Honor the Real King
April 4, 2018, marks the 50th anniversary of the assassination of Dr. Martin Luther King, Jr. There will be countless commemorations across the nation and world for this great preacher and prophet. As people memorialize Dr. King, many will face the temptation to offer a sanitized and idealized view of him that fits the wishes of contemporary society.
In order to make Dr. King palatable and digestible for the masses, he is often ethically castrated and stripped of his militancy. There is a tendency to focus on his commitment to non-violence, rhetoric of love, and willingness to turn the other cheek. For example, only one of the quotes in the King Memorial on the Washington Mall contain the word race. This is an ahistorical presentation of the man who intensely fought for racial justice with his life.
This idealized version of Dr. King has become the norm in the time after his murder. It crowds out the truth of the man, his mission, and the reasons he was killed. This version of Dr. King buries the injustices that he fought against, most of which remain today. It presents a slanted reality about how far we have come and how far we have to go.
The Three Evils
The 50th anniversary of Dr. King’s murder is a time for opportunists to feign love for a man that society hated. However, the greatest honor we could give Dr. King’s legacy is one that offers a true historical account of his courageous love and his fiery demand for justice for the black and poor. To honor the real Dr. King, we must do so with an accurate portrayal of his specific social, political, and economic mandates that remain unmet 50 years later.
Honor the real Dr. King by acknowledging that he roundly criticized the white evangelical Church for its indifference to the suffering of its black brothers and sisters. In the Letter from a Birmingham Jail (1963), Dr. King said, “I have been so greatly disappointed with the white church and its leadership” whom he felt should have supported the goals of the Southern Christian Leadership Conference. “I have watched white churchmen stand on the sidelines and mouth pious irrelevancies and sanctimonious trivialities” as they biblically justified their absence in social issues.
These revelations led Dr. King to weep and lament the moral bankruptcy of the white church.
Honor the real Dr. King by giving attention to what he called the “three evils” of society: racism, economic exploitation, and militarism, all of which are interdependent. We see this in cities’ responses to protests of police killings and how the nation winks at corporate greed and fraud. We see it in how the racial wealth gap continues to widen despite the efforts of the marginalized.
Honoring Dr. King would be to acknowledge that America’s identity is rooted in its military might, that it has no intention of ridding itself of entrenched racism or economic inequality.
Honor the real Dr. King who gave voice to the people behind the riots, protests, and resistance. “A riot is the language of the unheard,” he said. Dr. King remained committed to non-violence up to his death; however, he understood the pain of rejection and hopelessness that led many others to express pain through alternative means. He condemned violence in every form, but he did not condemn the violent. He believed violent outbursts were a reflection of the suffering of the oppressed and the apathy of government leadership. His belief was supported by the Kerner Commission report on the cause of civil disorders.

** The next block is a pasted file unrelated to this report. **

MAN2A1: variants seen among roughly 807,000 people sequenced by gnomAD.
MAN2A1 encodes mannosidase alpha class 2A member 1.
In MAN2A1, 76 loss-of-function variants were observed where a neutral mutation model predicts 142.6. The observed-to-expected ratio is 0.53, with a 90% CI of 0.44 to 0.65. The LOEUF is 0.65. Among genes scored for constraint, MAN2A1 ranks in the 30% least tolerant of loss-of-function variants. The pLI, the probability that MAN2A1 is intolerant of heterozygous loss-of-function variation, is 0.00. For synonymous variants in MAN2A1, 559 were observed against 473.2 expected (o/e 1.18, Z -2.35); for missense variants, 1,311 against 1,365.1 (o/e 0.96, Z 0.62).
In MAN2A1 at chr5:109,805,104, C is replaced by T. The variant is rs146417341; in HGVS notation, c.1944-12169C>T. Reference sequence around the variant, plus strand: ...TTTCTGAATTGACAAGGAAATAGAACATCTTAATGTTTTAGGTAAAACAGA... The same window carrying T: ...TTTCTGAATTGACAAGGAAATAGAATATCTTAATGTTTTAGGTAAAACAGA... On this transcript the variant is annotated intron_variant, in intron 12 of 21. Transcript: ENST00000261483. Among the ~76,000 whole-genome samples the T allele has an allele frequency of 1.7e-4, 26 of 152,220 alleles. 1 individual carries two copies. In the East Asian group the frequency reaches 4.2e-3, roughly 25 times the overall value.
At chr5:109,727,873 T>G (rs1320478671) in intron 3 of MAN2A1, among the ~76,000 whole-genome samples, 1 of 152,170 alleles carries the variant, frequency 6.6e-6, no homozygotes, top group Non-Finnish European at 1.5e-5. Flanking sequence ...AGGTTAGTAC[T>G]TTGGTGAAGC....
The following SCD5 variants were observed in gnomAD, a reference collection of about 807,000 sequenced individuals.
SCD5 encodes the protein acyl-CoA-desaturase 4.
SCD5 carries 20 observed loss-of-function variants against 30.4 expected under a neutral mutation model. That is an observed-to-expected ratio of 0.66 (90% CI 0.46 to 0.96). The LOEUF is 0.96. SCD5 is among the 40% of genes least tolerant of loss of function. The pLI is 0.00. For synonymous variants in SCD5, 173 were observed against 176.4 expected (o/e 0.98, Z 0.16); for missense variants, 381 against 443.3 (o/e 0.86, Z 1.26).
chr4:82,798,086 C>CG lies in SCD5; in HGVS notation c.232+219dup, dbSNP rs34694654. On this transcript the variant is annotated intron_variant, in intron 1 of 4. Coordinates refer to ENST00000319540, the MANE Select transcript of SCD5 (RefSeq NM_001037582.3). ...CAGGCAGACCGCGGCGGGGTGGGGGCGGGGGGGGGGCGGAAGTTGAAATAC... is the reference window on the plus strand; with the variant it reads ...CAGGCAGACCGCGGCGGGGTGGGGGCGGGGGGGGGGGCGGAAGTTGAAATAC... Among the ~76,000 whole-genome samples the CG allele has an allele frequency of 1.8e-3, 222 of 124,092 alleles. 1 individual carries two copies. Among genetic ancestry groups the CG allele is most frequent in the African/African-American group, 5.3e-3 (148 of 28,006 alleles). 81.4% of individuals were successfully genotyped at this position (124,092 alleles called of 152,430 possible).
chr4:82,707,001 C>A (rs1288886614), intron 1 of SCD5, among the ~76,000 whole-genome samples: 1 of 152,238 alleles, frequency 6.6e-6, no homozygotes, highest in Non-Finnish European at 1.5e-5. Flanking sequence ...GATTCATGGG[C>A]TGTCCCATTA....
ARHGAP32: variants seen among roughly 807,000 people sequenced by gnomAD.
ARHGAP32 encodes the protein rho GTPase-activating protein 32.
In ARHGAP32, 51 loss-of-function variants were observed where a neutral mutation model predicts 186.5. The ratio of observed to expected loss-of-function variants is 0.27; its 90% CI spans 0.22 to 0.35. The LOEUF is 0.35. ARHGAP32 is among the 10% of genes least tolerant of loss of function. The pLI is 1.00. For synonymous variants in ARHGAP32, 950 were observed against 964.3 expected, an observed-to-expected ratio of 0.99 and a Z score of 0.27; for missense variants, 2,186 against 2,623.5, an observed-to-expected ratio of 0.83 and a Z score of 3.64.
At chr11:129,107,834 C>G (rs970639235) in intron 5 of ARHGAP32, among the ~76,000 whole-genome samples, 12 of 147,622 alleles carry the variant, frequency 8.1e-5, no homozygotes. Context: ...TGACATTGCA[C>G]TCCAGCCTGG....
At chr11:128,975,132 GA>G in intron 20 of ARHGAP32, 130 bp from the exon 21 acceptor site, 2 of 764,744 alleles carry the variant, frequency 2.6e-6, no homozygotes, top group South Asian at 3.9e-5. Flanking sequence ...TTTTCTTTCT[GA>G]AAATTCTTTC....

It is irresponsible and reckless to simply reject the violent without appreciating what provoked their violence in the first place. The problem is not communism or Colin Kaepernick’s t-shirt, but injustice, King would say.
Allies and the Poor People’s Campaign
Honor the real Dr. King who realized how fickle some white liberal allies could be. Speaking to NBC News in 1968, Dr. King acknowledged, “The vast majority of white Americans will go but so far” in working towards social justice. “They’re always looking for an excuse to go but so far.” He said whites who are “genuinely and absolutely committed” to racial justice in America are “in a very small minority.”
With certainty, he declared, “There has never been a single solid determined commitment of large segments of white America on the question of racial equality.” Given our history and the continued racial decay of society, we must admit his observation of white America was accurate.
Honor the real Dr. King who called for a “guaranteed annual income” for the poor. In the last days of his life, he and the SCLC were planning a Poor People’s Campaign to address economic inequality for all people. Dr. King acknowledged the contradiction of how the richest nation on earth could ignore its citizens who lived in abject poverty and economic deprivation. He said, “An edifice which produces beggars needs restructuring.”
When we view Dr. King in light of his mission and all of his words, in context and totality, we will be able to see the whole man and honor him faithfully. We will realize that we have not come as far as we might believe.
In Dr. King’s time as in ours, it is clear that almost every institution and system in America has failed the black and poor. But, beyond the failure of the federal government, the lawlessness of the legal system, the greed of the financial system, the inequality of the educational system, the exclusion of the housing system, the white American church is not blameless. The silence, apathy, and active racism of white Christianity left Dr. King disillusioned up to the day he died.
The only hope in honoring Dr. King is to honor the very things he gave his life to and for, which were nothing less than a call for the total restructuring of society and for those who proclaim the name of Jesus Christ to be faithful witnesses in that society.